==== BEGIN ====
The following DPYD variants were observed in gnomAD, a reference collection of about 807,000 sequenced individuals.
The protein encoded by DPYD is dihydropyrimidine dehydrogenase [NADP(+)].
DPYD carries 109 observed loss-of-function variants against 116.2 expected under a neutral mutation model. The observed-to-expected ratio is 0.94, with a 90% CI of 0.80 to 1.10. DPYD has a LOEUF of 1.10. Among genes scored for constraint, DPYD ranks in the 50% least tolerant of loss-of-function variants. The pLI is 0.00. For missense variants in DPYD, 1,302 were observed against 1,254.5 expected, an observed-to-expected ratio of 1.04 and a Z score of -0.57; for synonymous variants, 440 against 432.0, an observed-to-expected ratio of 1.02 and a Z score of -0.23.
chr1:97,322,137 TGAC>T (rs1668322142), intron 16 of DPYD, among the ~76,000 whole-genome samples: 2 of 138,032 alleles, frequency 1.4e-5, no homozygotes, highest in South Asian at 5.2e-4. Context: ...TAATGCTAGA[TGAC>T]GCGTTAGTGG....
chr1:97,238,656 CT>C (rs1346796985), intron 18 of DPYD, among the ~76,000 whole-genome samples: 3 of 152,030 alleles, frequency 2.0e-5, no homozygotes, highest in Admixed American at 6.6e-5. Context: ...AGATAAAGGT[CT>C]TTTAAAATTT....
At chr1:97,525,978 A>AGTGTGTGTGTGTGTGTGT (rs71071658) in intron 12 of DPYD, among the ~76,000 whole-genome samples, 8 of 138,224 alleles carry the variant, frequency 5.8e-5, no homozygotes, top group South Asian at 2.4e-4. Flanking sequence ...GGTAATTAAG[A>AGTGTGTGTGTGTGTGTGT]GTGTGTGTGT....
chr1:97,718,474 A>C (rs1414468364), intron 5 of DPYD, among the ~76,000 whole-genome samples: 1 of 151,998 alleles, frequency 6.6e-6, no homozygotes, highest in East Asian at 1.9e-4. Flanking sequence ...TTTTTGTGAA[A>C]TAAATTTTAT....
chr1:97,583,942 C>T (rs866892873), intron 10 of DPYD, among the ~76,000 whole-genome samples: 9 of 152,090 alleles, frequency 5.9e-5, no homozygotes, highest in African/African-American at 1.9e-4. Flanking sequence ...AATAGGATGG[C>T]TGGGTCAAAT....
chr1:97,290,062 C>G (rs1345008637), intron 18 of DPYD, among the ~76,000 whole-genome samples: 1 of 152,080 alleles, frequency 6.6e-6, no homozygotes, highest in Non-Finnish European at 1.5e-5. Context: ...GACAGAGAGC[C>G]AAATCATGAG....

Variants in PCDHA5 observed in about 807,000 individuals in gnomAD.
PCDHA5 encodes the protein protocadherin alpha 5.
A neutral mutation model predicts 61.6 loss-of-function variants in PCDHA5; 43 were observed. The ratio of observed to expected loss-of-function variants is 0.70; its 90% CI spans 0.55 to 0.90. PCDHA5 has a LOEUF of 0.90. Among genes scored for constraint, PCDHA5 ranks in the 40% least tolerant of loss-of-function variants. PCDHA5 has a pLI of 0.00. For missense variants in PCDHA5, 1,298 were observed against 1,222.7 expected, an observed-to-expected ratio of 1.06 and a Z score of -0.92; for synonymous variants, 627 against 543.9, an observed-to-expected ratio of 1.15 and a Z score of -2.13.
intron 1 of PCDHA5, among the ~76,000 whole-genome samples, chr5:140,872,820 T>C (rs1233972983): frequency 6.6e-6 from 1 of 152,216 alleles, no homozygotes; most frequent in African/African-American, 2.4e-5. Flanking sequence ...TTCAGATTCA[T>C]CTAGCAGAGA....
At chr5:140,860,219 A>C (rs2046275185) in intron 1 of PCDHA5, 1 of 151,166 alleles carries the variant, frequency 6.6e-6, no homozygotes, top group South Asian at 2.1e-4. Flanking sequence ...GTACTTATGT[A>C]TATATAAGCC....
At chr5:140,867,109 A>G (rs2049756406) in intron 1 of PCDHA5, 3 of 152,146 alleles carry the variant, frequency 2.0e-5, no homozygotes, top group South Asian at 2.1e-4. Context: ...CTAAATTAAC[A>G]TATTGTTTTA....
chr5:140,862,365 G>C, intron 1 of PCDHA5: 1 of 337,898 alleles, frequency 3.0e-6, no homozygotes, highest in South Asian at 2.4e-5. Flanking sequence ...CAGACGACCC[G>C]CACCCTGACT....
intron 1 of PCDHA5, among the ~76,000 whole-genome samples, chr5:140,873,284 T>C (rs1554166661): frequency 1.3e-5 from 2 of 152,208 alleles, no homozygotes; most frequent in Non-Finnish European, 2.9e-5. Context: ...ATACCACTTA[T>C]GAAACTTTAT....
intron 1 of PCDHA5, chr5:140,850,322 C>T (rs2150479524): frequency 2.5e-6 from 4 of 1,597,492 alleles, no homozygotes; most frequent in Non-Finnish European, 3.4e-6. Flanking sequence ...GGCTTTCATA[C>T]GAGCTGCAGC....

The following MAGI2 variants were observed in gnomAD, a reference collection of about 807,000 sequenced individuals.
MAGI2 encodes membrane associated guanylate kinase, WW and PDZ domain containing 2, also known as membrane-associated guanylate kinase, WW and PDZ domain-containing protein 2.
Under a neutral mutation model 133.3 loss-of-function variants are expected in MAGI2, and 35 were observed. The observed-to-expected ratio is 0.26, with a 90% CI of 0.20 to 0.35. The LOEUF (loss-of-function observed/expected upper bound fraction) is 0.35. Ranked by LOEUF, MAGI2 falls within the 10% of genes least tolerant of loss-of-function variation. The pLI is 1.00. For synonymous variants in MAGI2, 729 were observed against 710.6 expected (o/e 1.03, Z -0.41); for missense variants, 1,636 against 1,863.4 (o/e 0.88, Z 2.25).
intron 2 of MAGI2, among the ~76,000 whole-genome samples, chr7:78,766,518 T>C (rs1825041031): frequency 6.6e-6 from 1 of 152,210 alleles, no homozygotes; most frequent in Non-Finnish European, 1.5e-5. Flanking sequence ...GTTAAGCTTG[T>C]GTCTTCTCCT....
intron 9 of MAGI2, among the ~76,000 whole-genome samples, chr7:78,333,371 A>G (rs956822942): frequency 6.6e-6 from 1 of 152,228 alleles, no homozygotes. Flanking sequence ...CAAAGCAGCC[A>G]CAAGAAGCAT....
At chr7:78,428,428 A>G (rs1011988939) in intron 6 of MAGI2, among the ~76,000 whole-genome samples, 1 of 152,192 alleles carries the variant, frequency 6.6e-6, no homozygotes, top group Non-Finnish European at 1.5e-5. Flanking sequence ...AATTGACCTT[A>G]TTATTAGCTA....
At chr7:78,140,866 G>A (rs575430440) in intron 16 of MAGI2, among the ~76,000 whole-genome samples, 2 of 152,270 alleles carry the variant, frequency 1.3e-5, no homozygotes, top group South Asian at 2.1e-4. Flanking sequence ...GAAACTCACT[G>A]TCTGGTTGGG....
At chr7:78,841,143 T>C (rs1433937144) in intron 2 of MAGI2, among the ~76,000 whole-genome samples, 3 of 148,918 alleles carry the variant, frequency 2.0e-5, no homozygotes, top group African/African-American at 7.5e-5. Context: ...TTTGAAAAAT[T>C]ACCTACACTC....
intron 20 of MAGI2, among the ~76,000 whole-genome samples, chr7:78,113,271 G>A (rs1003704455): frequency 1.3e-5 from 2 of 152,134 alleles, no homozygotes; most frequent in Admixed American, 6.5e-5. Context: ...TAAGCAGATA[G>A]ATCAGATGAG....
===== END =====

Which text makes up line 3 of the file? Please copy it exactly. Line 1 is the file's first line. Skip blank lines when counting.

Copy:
DPYD carries 109 observed loss-of-function variants against 116.2 expected under a neutral mutation model. The observed-to-expected ratio is 0.94, with a 90% CI of 0.80 to 1.10. DPYD has a LOEUF of 1.10. Among genes scored for constraint, DPYD ranks in the 50% least tolerant of loss-of-function variants. The pLI is 0.00. For missense variants in DPYD, 1,302 were observed against 1,254.5 expected, an observed-to-expected ratio of 1.04 and a Z score of -0.57; for synonymous variants, 440 against 432.0, an observed-to-expected ratio of 1.02 and a Z score of -0.23.